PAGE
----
Measure the distance to be spanned across a house or other structure. The span is the distance from one outer wall to the other. Determine the type of lumber to be used. Truss strength will vary among lumber types, such as white pine, yellow pine, cedar or fir, which are the most common woods. It also will vary with lumber grade, such as No. 1 or No. 2 white pine.
Determine the spacing of trusses. Trusses spaced 16 inches apart will carry greater loads than those spaced at 24 inches; 24 inches is the normal spacing for roof trusses in a house but conditions may dictate a narrower spacing. Figure a roof pitch or slope; that angle will affect the length of the truss from peak to outer wall, which in turn will affect the strength needed. A truss of 2-by-4-inch lumber for a steep 6/12 pitch that rises 6 inches in 12 feet will cover almost twice the span as on a 2/12 roof, which slopes only 2 inches in 12 feet.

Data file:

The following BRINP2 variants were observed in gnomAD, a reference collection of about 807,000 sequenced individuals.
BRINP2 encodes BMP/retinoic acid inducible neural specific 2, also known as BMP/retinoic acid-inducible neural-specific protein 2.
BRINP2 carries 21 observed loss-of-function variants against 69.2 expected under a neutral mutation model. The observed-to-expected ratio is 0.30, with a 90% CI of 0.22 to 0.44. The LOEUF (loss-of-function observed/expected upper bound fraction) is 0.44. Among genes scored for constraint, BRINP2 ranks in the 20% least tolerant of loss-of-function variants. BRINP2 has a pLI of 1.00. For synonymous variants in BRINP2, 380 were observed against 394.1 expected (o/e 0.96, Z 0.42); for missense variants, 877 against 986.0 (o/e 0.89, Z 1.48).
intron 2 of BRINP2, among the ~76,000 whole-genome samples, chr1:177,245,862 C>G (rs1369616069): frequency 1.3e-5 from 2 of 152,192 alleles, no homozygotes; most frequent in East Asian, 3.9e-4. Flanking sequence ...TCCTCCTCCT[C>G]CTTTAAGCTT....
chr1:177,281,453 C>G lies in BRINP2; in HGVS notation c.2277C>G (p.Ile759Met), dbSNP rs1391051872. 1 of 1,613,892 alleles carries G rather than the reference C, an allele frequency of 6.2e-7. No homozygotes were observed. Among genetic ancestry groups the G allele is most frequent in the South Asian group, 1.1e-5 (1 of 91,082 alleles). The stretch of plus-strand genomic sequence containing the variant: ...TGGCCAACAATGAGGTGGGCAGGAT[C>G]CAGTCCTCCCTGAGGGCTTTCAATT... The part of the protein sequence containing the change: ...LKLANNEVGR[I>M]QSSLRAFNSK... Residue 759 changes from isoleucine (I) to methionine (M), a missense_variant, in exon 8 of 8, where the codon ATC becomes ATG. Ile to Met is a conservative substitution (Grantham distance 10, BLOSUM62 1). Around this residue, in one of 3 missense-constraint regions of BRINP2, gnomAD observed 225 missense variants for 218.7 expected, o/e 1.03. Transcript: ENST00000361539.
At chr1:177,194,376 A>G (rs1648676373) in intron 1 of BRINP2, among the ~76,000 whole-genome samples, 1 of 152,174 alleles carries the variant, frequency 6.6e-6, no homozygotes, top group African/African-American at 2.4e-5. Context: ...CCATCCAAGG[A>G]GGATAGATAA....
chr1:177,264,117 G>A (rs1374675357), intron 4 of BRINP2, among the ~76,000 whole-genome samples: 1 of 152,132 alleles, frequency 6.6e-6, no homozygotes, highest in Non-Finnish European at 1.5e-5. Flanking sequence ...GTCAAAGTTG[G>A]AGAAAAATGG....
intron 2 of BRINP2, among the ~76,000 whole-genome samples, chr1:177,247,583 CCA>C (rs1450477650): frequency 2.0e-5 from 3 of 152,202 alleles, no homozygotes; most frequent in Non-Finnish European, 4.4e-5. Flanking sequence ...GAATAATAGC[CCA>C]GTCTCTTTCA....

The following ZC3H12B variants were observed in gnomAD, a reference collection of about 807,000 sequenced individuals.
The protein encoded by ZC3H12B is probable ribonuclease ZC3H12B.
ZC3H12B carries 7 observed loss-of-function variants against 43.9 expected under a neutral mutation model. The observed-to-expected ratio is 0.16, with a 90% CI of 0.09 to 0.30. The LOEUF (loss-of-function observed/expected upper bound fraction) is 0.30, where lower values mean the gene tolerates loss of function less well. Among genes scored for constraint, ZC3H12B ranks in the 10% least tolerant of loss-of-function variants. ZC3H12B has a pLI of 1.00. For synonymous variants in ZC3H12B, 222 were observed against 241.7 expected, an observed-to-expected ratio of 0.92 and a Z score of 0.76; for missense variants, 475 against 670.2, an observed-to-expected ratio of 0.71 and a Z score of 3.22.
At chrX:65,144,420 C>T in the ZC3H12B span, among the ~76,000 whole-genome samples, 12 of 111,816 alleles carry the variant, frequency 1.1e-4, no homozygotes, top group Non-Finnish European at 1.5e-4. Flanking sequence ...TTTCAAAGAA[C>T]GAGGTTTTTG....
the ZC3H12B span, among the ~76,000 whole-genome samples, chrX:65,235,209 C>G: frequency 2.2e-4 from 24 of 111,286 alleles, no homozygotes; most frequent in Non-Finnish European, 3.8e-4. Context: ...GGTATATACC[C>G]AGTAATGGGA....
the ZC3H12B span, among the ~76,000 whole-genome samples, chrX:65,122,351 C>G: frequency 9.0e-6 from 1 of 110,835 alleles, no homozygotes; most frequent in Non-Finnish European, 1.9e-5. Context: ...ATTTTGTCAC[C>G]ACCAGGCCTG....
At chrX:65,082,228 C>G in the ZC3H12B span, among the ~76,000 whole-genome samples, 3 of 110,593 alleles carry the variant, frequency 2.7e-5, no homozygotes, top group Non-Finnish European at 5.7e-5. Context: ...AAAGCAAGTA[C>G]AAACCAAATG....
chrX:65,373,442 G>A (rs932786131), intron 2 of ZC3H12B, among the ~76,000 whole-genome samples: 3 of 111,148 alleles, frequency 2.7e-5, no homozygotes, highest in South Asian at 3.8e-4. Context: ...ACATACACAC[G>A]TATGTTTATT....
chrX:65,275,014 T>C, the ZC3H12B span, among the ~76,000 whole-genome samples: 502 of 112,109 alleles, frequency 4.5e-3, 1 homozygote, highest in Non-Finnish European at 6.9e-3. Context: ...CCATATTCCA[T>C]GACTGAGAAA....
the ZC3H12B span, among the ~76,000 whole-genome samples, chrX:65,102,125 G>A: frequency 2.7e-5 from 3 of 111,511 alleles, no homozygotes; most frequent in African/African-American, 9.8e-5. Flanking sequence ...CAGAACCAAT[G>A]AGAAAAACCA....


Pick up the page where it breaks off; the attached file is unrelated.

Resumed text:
Calculate the load for the truss. This includes the weight of the roof decking and the shingles. Shingle weight can vary with the type of material and thickness used. Figure a "snow load," using Weather Bureau information about the maximum amount of snow a roof might be expected to bear and wind loads, maximum wind force on a roof. Consult truss tables for variations according to the size of lumber used in the truss; a truss framed with 2-by-6-inch lumber will span about a third more distance with the same load factor than one with 2-by-4-inch lumber.
Consult local building codes. Most jurisdictions have codes that regulate the size of lumber, the length of truss, the type of internal bracing required and other factors that affect strength of a structure. The codes also will cover floor trusses, which are used in raised floor systems such as pier and beam foundations or on concrete stem walls or basement walls.